LIHUE — Employment scams are on the rise in 2018.
Since January, U.S. residents have reported 1,500 employment scams to BBB Scam Tracker with over $1.4 million lost. Compare this to 1,000 scams with over $500,000 lost from January to May of last year. Similarly, employment scams from Northwest + Pacific residents have increased by 30 percent. Hawaii residents have already reported nine employments scams this year.
Better Business Bureau Northwest + Pacific wants job seekers to be aware of employment scams that often trick “new employees” into giving out their personal information or their hard-earned money.
With the official start of summer just a couple of weeks away, many graduates and students out of school will be looking for full time or seasonal work. Scammers may take advantage of this opportunity to prey on job seekers with scam job postings, fake recruiter emails and work-at-home schemes.
To avoid employment scams, job hunters should look out for these red flags:
w Positions that provide little training. Always be wary of work-from-home or secret shopper positions, or any job with a generic title such as caregiver, administrative assistant, or customer service rep. These positions don’t usually require special training or licensing, which makes it appealing to a wide range of applicants. Scammers know this and use these otherwise legitimate titles in their fake ads.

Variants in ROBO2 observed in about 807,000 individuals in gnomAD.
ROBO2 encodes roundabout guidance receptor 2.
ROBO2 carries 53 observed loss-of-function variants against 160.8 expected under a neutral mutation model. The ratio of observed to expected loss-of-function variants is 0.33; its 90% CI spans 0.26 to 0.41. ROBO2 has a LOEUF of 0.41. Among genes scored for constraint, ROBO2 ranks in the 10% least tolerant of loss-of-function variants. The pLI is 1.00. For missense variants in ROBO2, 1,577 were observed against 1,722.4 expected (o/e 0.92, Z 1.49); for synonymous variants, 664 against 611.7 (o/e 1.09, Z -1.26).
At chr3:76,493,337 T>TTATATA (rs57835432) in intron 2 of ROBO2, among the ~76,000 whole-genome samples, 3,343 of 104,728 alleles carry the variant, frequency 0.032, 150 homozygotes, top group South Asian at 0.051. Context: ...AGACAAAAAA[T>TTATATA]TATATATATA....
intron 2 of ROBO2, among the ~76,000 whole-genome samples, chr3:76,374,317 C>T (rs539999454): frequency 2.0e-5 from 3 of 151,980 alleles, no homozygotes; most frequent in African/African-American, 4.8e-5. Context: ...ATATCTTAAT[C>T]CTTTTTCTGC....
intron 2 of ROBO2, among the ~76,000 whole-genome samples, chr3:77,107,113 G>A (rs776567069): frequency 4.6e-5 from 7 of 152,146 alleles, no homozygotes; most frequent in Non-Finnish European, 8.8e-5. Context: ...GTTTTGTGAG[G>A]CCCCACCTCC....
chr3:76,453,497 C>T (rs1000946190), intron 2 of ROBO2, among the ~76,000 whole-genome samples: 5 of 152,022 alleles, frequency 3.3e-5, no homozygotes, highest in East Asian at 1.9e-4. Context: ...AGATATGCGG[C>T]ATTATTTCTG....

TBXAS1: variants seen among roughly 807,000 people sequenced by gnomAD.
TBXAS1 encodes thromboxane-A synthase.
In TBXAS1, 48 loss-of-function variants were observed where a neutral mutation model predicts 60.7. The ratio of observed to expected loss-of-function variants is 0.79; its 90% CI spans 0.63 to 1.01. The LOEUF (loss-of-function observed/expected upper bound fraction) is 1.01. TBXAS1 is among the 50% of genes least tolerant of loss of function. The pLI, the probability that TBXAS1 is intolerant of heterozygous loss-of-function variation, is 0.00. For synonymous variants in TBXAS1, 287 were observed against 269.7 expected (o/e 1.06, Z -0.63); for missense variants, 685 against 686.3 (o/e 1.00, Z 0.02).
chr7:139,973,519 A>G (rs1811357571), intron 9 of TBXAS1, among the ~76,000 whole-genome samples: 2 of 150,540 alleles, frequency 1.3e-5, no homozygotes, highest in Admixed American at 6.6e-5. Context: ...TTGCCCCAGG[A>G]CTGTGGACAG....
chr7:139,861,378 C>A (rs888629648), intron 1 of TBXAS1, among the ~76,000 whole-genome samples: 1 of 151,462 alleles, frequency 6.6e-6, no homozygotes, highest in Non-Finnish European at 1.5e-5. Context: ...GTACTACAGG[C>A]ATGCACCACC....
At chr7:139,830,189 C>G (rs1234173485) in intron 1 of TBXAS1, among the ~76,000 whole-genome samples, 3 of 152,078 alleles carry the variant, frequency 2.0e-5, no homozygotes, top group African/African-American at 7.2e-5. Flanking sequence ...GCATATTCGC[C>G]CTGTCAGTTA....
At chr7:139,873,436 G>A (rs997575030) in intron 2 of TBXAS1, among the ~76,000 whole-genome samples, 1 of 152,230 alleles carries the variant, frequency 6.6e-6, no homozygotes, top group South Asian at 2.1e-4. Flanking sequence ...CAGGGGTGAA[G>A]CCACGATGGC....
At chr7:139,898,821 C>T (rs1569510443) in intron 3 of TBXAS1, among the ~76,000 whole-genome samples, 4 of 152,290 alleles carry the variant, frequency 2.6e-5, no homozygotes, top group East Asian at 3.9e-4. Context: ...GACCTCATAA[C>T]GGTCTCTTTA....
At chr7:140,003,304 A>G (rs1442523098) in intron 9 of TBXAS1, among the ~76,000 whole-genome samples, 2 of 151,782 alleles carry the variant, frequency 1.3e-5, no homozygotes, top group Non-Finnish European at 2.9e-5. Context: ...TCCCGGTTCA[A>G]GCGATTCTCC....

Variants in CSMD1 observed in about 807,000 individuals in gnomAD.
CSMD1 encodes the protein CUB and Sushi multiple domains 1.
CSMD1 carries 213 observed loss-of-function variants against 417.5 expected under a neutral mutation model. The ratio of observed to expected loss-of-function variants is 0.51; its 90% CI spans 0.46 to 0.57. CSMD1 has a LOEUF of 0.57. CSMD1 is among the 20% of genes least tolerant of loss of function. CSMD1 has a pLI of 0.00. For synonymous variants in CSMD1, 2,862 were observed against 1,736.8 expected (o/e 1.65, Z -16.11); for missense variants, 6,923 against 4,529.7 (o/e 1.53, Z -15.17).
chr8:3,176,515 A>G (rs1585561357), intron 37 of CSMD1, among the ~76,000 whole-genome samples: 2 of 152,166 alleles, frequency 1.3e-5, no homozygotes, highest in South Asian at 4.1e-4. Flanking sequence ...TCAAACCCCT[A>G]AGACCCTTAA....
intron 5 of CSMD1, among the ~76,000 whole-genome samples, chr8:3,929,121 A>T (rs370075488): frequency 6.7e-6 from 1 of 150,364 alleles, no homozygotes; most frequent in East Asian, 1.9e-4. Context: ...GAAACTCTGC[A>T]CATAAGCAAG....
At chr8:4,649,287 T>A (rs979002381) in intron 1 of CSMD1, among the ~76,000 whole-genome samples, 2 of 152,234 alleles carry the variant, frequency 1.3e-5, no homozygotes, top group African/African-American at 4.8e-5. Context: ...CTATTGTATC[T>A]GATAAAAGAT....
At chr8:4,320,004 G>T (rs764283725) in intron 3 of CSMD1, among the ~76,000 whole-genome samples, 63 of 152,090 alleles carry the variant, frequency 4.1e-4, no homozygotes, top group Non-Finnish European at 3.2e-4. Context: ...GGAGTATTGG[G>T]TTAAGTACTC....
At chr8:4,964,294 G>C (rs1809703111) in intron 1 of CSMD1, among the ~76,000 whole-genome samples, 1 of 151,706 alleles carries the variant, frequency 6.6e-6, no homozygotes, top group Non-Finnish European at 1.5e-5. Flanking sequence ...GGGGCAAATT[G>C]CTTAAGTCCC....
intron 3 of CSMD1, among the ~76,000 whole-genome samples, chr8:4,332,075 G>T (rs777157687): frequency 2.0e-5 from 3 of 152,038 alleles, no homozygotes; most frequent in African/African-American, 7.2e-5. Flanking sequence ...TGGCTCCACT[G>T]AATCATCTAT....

w Vague company descriptions. It’s a huge red flag if you can’t identify the company’s contact information, owner, headquarters or even product from its online ad. Pro tip: check online at bbb.org/northwest-pacific to see if the employer has a good rating.
w No interview. If you are offered a job without a formal interview or job application, it’s most likely a scam. Be wary of jobs that hire on the spot or conduct interviews via online chat or instant messaging services.
w Job applications that require a fee. The federal government and the U.S. Postal Service never charges for information about jobs or applications for jobs. Be wary of any offer to give you special access or guarantee you a job for a fee —if you are paying for the promise of a job, it’s probably a scam.
A legitimate recruiter will provide you with a complete contract for their services with cost, what you get, who pays (you or the employer), and what happens if you do not find a job.